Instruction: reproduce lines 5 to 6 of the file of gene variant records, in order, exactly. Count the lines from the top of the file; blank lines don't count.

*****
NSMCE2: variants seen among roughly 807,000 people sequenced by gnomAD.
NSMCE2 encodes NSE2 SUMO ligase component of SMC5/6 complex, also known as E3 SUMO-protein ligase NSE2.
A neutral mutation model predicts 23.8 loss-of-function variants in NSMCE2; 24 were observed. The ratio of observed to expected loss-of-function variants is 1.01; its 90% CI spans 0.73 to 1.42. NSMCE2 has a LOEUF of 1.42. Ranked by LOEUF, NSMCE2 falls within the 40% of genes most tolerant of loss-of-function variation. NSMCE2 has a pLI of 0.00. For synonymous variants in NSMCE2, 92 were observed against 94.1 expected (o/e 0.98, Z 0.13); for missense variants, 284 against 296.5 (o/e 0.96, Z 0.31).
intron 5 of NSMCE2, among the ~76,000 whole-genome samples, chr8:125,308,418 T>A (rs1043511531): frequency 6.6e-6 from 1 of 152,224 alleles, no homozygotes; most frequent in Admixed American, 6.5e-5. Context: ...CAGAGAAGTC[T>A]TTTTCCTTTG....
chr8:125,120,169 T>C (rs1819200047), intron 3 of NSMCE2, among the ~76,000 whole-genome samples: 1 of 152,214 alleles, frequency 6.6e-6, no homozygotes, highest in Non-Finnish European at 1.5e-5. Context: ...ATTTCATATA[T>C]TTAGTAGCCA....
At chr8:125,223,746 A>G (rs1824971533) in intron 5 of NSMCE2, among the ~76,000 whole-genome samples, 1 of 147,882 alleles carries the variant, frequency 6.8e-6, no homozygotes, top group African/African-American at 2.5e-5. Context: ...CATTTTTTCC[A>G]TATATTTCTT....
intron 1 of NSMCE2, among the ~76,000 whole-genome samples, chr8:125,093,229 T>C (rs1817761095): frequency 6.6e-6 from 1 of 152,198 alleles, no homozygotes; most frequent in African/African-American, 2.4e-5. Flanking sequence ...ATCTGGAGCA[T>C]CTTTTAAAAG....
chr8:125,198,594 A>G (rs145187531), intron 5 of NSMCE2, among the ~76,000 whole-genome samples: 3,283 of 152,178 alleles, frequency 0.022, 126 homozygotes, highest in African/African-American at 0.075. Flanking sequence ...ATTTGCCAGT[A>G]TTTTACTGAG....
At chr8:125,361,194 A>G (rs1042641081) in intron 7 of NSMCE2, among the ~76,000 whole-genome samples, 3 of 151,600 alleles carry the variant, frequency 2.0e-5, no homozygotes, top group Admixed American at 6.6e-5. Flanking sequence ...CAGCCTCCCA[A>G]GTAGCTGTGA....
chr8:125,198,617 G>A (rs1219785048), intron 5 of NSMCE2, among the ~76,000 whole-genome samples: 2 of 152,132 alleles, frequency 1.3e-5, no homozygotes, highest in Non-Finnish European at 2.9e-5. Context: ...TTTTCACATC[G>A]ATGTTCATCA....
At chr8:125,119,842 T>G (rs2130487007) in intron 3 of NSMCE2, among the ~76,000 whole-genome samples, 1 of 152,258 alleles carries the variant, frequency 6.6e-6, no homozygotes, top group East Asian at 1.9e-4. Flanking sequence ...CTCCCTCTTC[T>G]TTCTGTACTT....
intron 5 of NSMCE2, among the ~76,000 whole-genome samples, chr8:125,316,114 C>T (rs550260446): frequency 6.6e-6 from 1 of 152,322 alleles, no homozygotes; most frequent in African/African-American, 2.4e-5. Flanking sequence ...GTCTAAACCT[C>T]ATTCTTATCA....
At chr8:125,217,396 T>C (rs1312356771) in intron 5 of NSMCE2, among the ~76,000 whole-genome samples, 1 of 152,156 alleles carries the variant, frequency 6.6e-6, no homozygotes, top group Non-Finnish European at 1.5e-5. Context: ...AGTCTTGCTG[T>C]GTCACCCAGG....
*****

chr8:125,120,169 T>C (rs1819200047), intron 3 of NSMCE2, among the ~76,000 whole-genome samples: 1 of 152,214 alleles, frequency 6.6e-6, no homozygotes, highest in Non-Finnish European at 1.5e-5. Context: ...ATTTCATATA[T>C]TTAGTAGCCA....
At chr8:125,223,746 A>G (rs1824971533) in intron 5 of NSMCE2, among the ~76,000 whole-genome samples, 1 of 147,882 alleles carries the variant, frequency 6.8e-6, no homozygotes, top group African/African-American at 2.5e-5. Context: ...CATTTTTTCC[A>G]TATATTTCTT....